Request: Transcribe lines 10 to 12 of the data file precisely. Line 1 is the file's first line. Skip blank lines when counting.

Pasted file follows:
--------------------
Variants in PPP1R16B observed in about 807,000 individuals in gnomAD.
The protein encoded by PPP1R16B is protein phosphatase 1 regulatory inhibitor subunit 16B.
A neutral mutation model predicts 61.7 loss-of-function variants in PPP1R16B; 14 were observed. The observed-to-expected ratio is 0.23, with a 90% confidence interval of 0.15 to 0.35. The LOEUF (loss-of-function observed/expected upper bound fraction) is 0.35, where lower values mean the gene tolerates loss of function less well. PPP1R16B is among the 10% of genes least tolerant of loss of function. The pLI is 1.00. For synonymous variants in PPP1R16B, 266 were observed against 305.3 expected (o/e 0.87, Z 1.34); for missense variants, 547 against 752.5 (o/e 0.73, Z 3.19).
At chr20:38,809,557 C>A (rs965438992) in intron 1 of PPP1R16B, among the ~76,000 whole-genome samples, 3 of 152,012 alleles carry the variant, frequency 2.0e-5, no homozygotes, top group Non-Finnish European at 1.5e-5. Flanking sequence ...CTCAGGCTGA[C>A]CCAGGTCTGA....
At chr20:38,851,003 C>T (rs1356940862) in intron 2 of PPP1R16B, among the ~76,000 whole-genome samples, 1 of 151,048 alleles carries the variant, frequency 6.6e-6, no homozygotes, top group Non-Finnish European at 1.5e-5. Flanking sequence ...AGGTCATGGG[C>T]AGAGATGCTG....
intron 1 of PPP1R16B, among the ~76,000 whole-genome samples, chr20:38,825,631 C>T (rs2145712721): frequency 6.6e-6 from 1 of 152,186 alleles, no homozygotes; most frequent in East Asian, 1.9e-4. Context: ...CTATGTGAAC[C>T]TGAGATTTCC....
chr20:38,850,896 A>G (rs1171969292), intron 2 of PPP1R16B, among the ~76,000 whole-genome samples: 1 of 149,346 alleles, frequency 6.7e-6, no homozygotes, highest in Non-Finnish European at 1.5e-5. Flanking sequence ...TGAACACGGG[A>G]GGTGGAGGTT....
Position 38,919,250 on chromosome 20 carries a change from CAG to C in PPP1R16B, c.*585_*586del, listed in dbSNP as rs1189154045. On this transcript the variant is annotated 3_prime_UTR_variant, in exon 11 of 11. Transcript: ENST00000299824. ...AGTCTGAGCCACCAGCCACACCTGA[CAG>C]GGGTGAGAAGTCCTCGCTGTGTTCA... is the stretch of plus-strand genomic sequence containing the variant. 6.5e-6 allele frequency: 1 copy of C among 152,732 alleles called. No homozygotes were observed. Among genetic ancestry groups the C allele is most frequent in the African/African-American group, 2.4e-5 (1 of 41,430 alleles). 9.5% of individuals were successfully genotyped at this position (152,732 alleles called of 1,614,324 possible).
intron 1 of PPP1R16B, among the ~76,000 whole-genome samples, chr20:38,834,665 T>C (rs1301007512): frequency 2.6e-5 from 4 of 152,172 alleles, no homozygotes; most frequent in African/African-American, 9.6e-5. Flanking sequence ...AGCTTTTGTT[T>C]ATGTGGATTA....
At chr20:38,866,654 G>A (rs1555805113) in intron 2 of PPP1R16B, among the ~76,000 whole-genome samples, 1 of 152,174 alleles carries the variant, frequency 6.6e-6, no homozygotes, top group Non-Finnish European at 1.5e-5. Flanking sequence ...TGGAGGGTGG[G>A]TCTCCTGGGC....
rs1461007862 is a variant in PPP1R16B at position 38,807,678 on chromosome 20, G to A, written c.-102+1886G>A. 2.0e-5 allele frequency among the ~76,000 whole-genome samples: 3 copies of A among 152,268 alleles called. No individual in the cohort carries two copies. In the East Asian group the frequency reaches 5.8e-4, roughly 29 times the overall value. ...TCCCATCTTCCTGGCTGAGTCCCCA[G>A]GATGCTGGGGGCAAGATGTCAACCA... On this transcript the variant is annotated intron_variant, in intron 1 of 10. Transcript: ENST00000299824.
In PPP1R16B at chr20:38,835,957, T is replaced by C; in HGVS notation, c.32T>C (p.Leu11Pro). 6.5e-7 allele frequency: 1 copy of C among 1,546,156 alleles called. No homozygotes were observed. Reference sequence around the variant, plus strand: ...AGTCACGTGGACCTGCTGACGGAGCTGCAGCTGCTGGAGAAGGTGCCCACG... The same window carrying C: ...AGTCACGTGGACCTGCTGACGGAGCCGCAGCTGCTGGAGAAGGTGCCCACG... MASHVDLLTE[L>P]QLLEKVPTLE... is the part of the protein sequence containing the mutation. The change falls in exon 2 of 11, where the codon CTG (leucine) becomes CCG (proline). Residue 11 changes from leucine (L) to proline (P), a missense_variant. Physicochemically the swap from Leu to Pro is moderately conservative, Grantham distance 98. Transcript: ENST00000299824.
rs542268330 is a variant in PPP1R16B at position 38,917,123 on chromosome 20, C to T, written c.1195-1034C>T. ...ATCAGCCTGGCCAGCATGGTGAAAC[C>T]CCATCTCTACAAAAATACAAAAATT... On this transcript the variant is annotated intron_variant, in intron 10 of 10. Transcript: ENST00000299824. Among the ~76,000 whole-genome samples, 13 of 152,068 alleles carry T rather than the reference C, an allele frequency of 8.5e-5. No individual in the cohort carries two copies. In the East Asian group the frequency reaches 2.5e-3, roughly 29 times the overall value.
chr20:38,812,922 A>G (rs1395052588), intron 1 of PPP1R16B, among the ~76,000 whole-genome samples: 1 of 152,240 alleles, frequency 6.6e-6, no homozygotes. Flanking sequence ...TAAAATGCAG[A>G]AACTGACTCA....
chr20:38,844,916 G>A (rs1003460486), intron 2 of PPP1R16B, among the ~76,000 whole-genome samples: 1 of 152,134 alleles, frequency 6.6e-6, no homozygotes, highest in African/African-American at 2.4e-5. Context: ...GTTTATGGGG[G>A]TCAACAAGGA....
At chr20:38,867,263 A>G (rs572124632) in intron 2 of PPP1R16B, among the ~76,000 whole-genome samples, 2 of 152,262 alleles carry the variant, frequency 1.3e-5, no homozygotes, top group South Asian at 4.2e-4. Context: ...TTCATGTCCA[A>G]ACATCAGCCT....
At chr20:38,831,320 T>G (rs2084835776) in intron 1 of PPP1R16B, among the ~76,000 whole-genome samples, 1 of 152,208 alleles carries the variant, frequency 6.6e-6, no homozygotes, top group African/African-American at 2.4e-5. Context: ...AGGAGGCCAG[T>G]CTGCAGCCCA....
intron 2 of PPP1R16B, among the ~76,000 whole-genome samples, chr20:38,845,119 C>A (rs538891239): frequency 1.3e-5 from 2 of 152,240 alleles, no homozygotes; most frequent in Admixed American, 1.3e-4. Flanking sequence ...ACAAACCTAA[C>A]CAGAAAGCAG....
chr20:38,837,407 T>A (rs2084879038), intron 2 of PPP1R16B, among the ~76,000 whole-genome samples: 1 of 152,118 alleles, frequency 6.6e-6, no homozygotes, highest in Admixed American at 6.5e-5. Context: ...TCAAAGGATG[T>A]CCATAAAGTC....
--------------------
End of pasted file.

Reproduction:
At chr20:38,866,654 G>A (rs1555805113) in intron 2 of PPP1R16B, among the ~76,000 whole-genome samples, 1 of 152,174 alleles carries the variant, frequency 6.6e-6, no homozygotes, top group Non-Finnish European at 1.5e-5. Flanking sequence ...TGGAGGGTGG[G>A]TCTCCTGGGC....
rs1461007862 is a variant in PPP1R16B at position 38,807,678 on chromosome 20, G to A, written c.-102+1886G>A. 2.0e-5 allele frequency among the ~76,000 whole-genome samples: 3 copies of A among 152,268 alleles called. No individual in the cohort carries two copies. In the East Asian group the frequency reaches 5.8e-4, roughly 29 times the overall value. ...TCCCATCTTCCTGGCTGAGTCCCCA[G>A]GATGCTGGGGGCAAGATGTCAACCA... On this transcript the variant is annotated intron_variant, in intron 1 of 10. Transcript: ENST00000299824.
In PPP1R16B at chr20:38,835,957, T is replaced by C; in HGVS notation, c.32T>C (p.Leu11Pro). 6.5e-7 allele frequency: 1 copy of C among 1,546,156 alleles called. No homozygotes were observed. Reference sequence around the variant, plus strand: ...AGTCACGTGGACCTGCTGACGGAGCTGCAGCTGCTGGAGAAGGTGCCCACG... The same window carrying C: ...AGTCACGTGGACCTGCTGACGGAGCCGCAGCTGCTGGAGAAGGTGCCCACG... MASHVDLLTE[L>P]QLLEKVPTLE... is the part of the protein sequence containing the mutation. The change falls in exon 2 of 11, where the codon CTG (leucine) becomes CCG (proline). Residue 11 changes from leucine (L) to proline (P), a missense_variant. Physicochemically the swap from Leu to Pro is moderately conservative, Grantham distance 98. Transcript: ENST00000299824.